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I’m heading off to the University of Notre Dame tomorrow for a week. I’ve never been and everyone who has keeps oohing and ahhing that I get to go.

I’m doing one of the evening workshops at the TRANSITIONS IN FAITH young adult ministry symposium. Over 300 campus, parish and young adult ministers will be there.

With speakers like Msgr. Ray East and J. Glenn Murray! I’m very happy to be included in the work the symposium will be doing and collecting. I’ll even get to see a few old and not so old friends.

And they tell me to “say hi to the Rock.” Whatever that means….

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In November 2002, my friend Colleen and I were at a meeting in DC when we decided to take the bullet train down to NYC for the day. We wanted to do two things: see a Broadway play on Broadway and visit the WTC site. We did end up seeing 42nd Street on 42nd Street but far and away the most moving point of the day for both of us was visiting the chapel mentioned in New York Region > Chapel Embraces Role as 9/11 Monument” href=”http://www.nytimes.com/2004/04/28/nyregion/28trinity.html?ex=1398571200&en=1f92789dbce24122&ei=5007&partner=USERLAND”>this story.

The marks the rescue workers belts, and shoes, and tools made on the pews, were left there even after the cleanup of the chapel had begun. Those marks were a physical reminder of how the worst of human experiences could and did bring out the best of the human spirit. Those marks were left to remind us we are all marked by the events of 9/11.

Those scratches and gouges were a reminder of the goodness of the multitude, the cloud of witnesses, if you will, of volunteers and rescue personnel who stepped up to help their sisters and brothers. I believe in the goodness of the multitude. I believe in the cloud of witnesses.

I believe even when the world around is dark with the soot and ash of evil and the ongoing ravages of war; the dark of night and the dark of human depravity. I believe in the light. And I hope that one day we will see as our brothers and sisters all those around us who are hurting and hungry, cold and weary – no matter what language or culture or political viewpoint they may hold.

Like those pews were marked, so too, must have been all the people, the hundreds and hundreds who came through those chapel doors. And it seems to me, we are all marked by the choices we make to serve another, any other, along the way.

I have set before you life and death, the blessing and the curse. Choose life, then, that you and your descendants may live, by loving the Lord, your God, heeding his voice, and holding fast to him. –Deuteronomy 30:19-20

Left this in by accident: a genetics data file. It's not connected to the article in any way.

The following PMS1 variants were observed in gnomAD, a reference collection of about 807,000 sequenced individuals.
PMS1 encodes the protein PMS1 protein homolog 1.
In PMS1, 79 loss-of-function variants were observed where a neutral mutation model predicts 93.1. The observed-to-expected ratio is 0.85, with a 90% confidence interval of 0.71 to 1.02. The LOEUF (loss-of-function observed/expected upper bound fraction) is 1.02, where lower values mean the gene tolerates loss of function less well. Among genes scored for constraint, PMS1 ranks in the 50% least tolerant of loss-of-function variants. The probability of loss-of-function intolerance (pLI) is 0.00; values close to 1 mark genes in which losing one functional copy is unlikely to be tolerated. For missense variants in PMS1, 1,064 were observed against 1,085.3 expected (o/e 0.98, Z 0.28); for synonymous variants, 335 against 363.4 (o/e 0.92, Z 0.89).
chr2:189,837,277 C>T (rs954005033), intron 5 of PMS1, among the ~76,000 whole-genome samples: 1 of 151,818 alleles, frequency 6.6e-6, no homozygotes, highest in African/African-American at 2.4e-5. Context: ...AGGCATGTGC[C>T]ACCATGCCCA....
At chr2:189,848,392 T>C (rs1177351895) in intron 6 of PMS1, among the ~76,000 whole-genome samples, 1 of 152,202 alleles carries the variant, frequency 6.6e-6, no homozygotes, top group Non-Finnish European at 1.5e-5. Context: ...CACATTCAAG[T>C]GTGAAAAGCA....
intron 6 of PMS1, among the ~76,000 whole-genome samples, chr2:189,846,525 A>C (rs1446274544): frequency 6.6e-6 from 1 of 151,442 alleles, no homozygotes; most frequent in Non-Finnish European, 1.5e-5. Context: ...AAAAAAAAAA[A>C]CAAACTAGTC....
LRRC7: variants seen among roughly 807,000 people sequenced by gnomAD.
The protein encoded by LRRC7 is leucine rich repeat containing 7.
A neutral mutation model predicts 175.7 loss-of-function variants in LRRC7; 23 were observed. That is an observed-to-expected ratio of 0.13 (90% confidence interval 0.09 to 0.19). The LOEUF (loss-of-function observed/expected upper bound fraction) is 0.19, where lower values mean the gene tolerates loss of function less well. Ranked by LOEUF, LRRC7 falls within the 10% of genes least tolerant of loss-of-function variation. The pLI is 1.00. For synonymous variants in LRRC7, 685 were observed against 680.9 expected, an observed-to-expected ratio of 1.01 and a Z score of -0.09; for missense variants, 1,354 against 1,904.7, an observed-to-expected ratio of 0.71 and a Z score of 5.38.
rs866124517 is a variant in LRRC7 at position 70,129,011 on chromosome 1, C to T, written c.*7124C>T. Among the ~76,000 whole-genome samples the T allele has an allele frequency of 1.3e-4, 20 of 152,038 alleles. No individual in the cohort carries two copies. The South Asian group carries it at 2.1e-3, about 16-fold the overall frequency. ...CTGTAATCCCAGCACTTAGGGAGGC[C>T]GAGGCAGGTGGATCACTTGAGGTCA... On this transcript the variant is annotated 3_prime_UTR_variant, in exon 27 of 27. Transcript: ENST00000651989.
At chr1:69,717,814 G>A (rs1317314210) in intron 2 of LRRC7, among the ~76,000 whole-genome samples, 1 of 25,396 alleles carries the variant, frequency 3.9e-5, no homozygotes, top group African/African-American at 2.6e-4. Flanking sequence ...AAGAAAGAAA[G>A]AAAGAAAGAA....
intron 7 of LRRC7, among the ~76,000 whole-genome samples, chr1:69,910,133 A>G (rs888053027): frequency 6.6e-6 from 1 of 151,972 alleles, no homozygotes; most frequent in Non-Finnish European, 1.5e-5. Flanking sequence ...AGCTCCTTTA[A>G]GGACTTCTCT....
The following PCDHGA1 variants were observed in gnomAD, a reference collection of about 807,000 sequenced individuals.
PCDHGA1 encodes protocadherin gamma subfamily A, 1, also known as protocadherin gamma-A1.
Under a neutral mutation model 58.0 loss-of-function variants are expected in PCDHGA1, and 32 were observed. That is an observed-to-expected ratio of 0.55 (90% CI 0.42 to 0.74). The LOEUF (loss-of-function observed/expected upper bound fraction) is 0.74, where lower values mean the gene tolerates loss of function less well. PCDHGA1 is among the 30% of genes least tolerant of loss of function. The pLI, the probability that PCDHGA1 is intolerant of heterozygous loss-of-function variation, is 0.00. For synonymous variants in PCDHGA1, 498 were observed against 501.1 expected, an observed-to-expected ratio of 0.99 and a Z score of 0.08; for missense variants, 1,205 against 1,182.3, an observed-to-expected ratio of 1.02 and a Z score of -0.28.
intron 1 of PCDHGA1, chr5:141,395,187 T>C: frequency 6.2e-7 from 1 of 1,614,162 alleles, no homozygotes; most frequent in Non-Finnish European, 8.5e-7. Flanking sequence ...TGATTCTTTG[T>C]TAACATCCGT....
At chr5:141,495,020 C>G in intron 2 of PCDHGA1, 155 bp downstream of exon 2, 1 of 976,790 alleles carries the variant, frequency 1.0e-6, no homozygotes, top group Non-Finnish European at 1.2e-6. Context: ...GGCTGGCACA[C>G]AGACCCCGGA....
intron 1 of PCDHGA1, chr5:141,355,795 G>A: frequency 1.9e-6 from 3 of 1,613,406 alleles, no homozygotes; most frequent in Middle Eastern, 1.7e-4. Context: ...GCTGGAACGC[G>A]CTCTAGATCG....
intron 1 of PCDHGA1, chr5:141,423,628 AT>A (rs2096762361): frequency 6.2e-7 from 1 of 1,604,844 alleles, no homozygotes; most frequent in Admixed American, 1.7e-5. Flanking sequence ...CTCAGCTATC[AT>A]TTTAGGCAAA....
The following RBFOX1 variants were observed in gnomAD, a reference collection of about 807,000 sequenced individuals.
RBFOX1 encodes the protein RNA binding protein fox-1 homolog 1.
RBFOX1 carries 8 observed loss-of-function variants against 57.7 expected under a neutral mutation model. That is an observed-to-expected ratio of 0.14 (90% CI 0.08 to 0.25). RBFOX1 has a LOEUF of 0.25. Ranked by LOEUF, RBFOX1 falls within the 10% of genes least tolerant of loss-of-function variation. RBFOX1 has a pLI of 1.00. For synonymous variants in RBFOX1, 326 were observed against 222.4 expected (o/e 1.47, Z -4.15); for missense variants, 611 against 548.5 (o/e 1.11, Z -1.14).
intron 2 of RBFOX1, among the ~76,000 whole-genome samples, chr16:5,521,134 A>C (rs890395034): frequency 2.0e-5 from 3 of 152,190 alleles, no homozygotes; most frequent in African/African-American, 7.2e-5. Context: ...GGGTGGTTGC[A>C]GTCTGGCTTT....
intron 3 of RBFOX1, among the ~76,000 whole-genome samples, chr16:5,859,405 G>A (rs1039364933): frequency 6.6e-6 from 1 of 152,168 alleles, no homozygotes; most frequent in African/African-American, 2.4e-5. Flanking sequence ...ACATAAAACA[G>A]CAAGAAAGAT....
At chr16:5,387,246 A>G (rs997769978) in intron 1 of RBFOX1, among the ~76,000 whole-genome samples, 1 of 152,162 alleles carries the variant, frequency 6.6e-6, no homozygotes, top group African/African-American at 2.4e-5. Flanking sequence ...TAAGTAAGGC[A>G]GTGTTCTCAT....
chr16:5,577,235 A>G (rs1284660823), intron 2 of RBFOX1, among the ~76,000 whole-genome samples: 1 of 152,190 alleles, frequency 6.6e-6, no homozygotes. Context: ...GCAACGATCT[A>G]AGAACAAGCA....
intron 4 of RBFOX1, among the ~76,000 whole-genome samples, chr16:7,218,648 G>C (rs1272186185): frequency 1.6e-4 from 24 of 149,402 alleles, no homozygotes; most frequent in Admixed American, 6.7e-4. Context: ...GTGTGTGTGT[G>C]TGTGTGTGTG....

Now ain’t that the truth. I was never that fond of math, so I can really resonate with the kids at Huffman elementary school in Anchorage.

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See the story here.

Joan of Arcadia:

So, Barbara Hall, a Catholic convert, wrote these great 10 commandments about God for the writers of the show Joan of Arcadia. This one is my favorite.

10. God’s purpose for talking to Joan, and everyone, is to get her (us) to recognize the interconnectedness of all things — i.e., you cannot hurt a person without hurting yourself; all of your actions have consequences; God can be found in the smallest actions; God expects us to learn and grow from all our experiences. However, the exact nature of God is a mystery, and the mystery can never be solved.

From a Contra Costa Times article about the creator of Joan of Arcadia. You can find the other 9 here.

Pretty much, they’re great!

You are invited join a new initiative for peace and hope during this time of extreme violence and suffering in the world. In the spirit of Easter hope, we have initiated a global “Pause for Peace” to reflect and recommit ourselves each day to peacemaking and hope. This “Pause for Peace” initiative is being launched in the belief that prayer energy for good can overcome the forces of war and oppression in our world.

This is how the global Pause for Peace works: each person, wherever on our earth, is invited to pause and reflect for a very brief moment at 12 noon of each day, to renew her or his commitment to peace and hope by saying the following mantra (one or more times), in silence or out loud, alone or with others:

I renew my commitment to peacemaking in the spirit of hope.

In extending this invitation to you and to our sisters and brothers throughout the world, we hope that you will serve as catalysts in getting this Pause for Peace spread to other peacemakers. Please disseminate this invitation as widely as possible through your own networks, so it reaches our schools (students, faculties, parents and alumni), our co-workers and colleagues, our families, friends, and neighbors, and beyond. Just imagine what energy this daily pledge could unleash if we rededicate ourselves by the thousands around
the world, in different countries, cultures and languages, in different time zones, every single day anew.

This initiative comes from Religious NGOS at the UN:
Congregations of Saint Joseph,
UN-NGO Office Daughters of Wisdom,
UN Representative of DLC Dominican Leadership Conference,
UN -NGO Office Institute of the Blessed Virgin Mary,
UN-NGO Office Intl Presentation Association Sisters of the Presentation
Sisters of Mercy, UN Office
Sisters of Notre Dame de Namur, UN-NGO Office
Society of the Sacred Heart, UN-NGO Office

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